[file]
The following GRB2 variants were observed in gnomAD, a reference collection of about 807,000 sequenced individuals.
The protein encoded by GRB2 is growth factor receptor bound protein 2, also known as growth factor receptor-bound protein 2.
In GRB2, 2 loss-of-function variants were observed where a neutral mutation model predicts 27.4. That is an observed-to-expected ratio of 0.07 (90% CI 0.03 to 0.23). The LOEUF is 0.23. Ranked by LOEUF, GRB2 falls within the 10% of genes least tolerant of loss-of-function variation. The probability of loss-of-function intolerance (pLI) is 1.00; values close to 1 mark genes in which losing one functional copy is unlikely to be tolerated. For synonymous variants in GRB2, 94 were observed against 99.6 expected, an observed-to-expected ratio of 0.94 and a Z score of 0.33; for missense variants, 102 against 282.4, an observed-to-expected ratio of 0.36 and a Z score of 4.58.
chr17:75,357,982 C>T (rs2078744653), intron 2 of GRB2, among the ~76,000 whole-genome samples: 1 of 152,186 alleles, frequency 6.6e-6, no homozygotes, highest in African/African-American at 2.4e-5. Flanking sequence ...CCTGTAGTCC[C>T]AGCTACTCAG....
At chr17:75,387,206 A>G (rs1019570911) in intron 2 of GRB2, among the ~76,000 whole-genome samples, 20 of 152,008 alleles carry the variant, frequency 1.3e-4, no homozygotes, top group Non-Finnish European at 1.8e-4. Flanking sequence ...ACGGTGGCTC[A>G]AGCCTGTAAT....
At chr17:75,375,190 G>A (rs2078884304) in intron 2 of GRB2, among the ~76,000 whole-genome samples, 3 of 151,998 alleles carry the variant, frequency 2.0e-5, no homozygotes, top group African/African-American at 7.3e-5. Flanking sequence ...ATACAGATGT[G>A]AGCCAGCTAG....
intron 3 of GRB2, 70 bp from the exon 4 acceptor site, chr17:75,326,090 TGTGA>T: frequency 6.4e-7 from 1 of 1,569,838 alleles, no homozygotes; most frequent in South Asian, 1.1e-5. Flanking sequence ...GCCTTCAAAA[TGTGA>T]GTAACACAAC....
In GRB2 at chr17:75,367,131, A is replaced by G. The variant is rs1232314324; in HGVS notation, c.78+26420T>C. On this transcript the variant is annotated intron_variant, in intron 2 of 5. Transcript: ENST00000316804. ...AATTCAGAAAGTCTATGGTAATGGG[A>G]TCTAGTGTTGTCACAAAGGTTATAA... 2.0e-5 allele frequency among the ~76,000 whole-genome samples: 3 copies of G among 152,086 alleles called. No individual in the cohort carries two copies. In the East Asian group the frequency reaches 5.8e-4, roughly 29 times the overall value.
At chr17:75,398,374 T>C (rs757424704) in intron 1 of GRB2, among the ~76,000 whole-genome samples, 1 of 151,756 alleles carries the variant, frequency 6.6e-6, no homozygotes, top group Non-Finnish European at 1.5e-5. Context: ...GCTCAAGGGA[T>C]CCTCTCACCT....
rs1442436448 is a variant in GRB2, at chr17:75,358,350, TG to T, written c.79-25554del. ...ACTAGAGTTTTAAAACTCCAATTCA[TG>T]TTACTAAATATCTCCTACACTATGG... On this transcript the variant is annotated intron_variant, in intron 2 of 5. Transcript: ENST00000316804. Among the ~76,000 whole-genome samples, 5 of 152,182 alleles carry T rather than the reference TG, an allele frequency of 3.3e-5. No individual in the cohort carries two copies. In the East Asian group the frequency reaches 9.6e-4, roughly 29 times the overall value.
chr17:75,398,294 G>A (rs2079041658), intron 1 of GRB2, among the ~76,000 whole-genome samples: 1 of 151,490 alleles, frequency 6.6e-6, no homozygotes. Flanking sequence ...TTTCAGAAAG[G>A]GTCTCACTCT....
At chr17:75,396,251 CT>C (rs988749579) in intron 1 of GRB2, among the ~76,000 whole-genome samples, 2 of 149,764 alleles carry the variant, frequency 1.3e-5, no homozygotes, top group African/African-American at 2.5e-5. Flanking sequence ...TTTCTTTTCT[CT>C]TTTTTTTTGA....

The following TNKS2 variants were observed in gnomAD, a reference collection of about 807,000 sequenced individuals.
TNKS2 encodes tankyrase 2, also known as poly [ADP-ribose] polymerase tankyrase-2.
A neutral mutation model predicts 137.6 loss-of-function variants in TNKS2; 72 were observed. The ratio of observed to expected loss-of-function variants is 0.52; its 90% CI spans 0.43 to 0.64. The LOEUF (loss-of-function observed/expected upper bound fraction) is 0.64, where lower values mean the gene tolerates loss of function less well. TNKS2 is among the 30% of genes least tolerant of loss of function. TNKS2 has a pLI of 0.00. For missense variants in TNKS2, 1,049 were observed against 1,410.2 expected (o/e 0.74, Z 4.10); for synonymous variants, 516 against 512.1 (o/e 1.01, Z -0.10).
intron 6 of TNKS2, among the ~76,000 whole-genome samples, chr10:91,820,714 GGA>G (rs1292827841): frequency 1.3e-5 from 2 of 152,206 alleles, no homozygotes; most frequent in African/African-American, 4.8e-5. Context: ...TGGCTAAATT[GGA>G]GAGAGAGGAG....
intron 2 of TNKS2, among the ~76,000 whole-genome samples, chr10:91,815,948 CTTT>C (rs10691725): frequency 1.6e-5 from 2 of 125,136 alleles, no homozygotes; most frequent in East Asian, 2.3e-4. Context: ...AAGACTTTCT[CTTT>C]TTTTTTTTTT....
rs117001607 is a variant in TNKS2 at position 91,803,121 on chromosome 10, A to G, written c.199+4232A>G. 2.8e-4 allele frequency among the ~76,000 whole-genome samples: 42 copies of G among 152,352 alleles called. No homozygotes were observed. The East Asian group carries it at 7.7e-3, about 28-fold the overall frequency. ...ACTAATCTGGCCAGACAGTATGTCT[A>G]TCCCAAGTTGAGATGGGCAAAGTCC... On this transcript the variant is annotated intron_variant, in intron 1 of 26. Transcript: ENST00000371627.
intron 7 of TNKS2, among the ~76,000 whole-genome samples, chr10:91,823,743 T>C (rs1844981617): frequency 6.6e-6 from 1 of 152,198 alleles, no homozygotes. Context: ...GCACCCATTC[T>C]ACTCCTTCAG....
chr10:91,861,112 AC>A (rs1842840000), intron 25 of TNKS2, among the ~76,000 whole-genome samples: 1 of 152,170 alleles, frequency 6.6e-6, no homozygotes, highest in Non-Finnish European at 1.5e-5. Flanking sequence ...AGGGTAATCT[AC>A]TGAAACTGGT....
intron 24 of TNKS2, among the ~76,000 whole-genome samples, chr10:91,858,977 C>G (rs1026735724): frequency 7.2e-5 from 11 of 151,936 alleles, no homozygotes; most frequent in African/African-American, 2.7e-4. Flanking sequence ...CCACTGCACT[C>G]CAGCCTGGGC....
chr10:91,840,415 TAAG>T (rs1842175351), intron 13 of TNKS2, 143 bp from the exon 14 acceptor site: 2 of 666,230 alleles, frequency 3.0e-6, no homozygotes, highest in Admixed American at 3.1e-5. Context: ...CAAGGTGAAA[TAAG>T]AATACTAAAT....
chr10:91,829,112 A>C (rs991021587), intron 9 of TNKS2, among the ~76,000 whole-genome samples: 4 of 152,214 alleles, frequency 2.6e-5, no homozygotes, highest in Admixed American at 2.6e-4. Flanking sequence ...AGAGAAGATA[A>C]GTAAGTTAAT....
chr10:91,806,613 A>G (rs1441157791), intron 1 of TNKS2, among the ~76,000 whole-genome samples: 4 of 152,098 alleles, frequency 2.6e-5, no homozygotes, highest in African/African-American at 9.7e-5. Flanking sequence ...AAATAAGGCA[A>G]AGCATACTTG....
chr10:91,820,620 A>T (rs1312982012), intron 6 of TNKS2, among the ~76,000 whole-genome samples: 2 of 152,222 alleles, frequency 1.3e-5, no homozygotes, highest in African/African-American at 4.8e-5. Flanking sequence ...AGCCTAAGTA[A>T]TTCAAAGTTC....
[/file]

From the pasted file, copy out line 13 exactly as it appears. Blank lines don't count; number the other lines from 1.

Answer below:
The following TNKS2 variants were observed in gnomAD, a reference collection of about 807,000 sequenced individuals.